DBT


#1

Hi,
I posted already about Buddhist Meditation, but I'd like to post specifically about DBT, which contains "Mindfulness".
Does anybody know of a way in which I can obtain "An Official Church Document" stating that DBT goes against the Catholic Church?
I already pm'd one of the Apologists but they're very busy. I need something official. An Apologist's comment would be enough. But I'm not looking for people's general opinion on DBT, I'm looking for the Church's view on DBT.
Thank you


#2

I think there is nothing wrong with Christian mindfulness. See this link -
carmelnet.org/larkin/larkin017.pdf
Written by a Carmelite Friar.


#3

Thank you, that’s a great link, however, DBT DOES NOT offer Christian Mindfulness, it’s Buddhist Mindfulness


#4

ewtn.com/library/CURIA/CDFMED.HTM

jloughnan.tripod.com/orient.htm


#5

Thank you Tricia,
That is a really good link, however it doesn’t specifically address DBT itself. I need to know, precisely whether or not DBT is compatible with Catholicism. Thank you


#6

:confused:


#7

[quote="EmilyCatholic, post:5, topic:299504"]
Thank you Tricia,
That is a really good link, however it doesn't specifically address DBT itself. I need to know, precisely whether or not DBT is compatible with Catholicism. Thank you

[/quote]

I highly doubt anyone is going to find anything that mentions DBT by name - there are simply too many such practices being used and developed for anyone to have time to mention each one by name.

A brief google search on the topic says that it is a type of therapy derived from Buddhist practices rather than simply being Buddhist meditation.

Which to me is like saying Christmas trees are DERIVED FROM the old Germanic pagan custom of decorating trees as part of nature worship (they are, and St Boniface made no bones about the fact that he was Christianising the pagan custom when he invented the idea) rather than BEING nature worship. Hence nothing wrong with DBT.

If you really want to be clear, the best thing is simply to ask your priest.


#8

[quote="LilyM, post:7, topic:299504"]
I highly doubt anyone is going to find anything that mentions DBT by name - there are simply too many such practices being used and developed for anyone to have time to mention each one by name.

A brief google search on the topic says that it is a type of therapy derived from Buddhist practices rather than simply being Buddhist meditation.

Which to me is like saying Christmas trees are DERIVED FROM the old Germanic pagan custom of decorating trees as part of nature worship (they are, and St Boniface made no bones about the fact that he was Christianising the pagan custom when he invented the idea) rather than BEING nature worship. Hence nothing wrong with DBT.

If you really want to be clear, the best thing is simply to ask your priest.

[/quote]

Unless the priest is a clinician or psychologist, his take on Dialectical Behavioral Therapy may be lacking.:shrug:


#9

[quote="Publisher, post:8, topic:299504"]
Unless the priest is a clinician or psychologist, his take on Dialectical Behavioral Therapy may be lacking.:shrug:

[/quote]

Since the poster is looking for something which mentions it by name, an indepth understanding of the concept is unnecessary. A priest will have more thorough knowledge of Church documents than most laypeople, and so is more likely to know whether the practice is mentioned anywhere by name, even if he doesn't have a clinician's or psychologist's understanding of what it is.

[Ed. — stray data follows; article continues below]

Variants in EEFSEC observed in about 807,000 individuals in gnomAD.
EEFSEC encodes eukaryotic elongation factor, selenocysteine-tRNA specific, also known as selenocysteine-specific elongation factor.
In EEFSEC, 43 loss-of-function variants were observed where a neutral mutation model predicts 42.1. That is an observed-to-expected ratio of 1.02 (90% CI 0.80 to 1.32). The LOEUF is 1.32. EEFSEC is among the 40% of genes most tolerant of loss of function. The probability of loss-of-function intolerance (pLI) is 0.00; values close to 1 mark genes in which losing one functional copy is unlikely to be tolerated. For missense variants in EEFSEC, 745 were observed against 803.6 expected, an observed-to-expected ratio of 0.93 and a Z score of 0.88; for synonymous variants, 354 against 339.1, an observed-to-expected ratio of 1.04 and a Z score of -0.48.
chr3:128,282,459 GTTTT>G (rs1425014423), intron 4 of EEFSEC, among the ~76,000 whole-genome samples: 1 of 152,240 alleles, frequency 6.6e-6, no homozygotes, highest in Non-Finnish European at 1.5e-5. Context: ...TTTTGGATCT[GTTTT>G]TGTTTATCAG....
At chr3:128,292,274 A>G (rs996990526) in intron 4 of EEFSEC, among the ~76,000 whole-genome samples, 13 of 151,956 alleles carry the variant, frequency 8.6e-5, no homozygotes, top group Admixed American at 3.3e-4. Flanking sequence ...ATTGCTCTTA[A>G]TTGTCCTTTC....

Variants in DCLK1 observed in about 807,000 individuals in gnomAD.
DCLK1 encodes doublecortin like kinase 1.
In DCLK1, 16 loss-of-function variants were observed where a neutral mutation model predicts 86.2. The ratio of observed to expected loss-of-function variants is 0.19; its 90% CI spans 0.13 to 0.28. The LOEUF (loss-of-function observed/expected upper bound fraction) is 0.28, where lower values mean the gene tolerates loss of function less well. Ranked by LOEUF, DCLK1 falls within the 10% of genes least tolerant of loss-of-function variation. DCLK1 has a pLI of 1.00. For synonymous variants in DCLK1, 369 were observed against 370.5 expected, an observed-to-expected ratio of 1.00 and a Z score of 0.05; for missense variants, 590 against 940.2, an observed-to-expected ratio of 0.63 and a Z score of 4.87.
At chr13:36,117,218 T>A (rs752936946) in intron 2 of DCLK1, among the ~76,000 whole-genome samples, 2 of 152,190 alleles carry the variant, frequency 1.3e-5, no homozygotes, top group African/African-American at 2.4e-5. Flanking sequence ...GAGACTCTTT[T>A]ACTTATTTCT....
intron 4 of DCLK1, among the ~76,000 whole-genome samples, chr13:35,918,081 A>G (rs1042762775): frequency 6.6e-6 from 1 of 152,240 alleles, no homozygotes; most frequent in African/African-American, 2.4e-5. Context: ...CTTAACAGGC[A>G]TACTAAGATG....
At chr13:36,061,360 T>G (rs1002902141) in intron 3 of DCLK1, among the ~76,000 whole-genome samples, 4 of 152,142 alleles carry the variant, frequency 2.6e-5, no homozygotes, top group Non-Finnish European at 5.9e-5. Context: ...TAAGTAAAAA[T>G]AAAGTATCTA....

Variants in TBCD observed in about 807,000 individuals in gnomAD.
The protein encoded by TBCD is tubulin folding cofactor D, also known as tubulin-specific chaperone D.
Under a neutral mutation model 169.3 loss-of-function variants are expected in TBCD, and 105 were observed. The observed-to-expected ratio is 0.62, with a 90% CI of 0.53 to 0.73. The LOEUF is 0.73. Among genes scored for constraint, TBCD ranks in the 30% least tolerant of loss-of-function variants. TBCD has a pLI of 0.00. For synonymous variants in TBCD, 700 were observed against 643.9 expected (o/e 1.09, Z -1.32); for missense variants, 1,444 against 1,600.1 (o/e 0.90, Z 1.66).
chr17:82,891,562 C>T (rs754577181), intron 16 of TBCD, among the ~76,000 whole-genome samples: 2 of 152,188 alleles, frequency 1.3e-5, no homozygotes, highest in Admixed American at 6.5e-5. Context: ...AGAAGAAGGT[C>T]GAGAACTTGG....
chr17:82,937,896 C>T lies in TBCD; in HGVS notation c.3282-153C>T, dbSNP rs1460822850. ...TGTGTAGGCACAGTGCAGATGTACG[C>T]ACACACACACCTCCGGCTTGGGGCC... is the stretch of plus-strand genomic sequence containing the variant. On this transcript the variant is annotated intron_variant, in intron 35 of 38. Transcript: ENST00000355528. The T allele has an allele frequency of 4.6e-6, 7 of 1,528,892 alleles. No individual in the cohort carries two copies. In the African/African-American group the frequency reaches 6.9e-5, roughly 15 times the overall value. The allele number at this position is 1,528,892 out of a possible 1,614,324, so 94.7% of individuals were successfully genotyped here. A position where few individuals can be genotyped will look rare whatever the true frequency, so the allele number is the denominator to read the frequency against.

#10

Thanks for the replies. No I don't think I'm going to get what I'm looking for, but it's ok, I've tried my best, and that's all I can do.


#11

[quote="EmilyCatholic, post:3, topic:299504"]
Thank you, that's a great link, however, DBT DOES NOT offer Christian Mindfulness, it's Buddhist Mindfulness

[/quote]

With the wealth of Catholic spiritual practices and meditations available--may I ask why you want to pursue Buddhist Mindfulness? What is it you believe you will gain that you can't find in a Catholic practice? In my experience even if you can find a practice that isn't against Catholic teaching and could be used--these often serve as a gateway which leads people to practices and thoughts that are indeed contrary to Catholicism--even to great minds.

Peace,
Mark


#12

"28. Some physical exercises automatically produce a feeling of quiet and relaxation, pleasing sensations, perhaps even phenomena of light and of warmth, which resemble spiritual well-being. To take such feelings for the authentic consolations of the Holy Spirit would be a totally erroneous way of conceiving the spiritual life. Giving them a symbolic significance typical of the mystical experience, when the moral condition of the person concerned does not correspond to such an experience, would represent a kind of mental schizophrenia which could also lead to psychic disturbance and, at times, to moral deviations.

That does not mean that genuine practices of meditation which come from the Christian East and from the great non-Christian religions, which prove attractive to the man of today who is divided and disoriented, cannot constitute a suitable means of helping the person who prays to come before God with an interior peace, even in the midst of external pressures.'

In short, while not explicitly saying it's wrong, this article does warn against the possibility of deviation. Also any type of therapy should not replace a strong spiritual life. Talk to the therapist and ask more about the method or to simply use cognitive behavioral approach in lieu of the potentially new-agy method. Talking to a spiritual director might be really helpful. By now maybe you have tried it? Anything you learned- was it new age? God bless you and heal you.


#13

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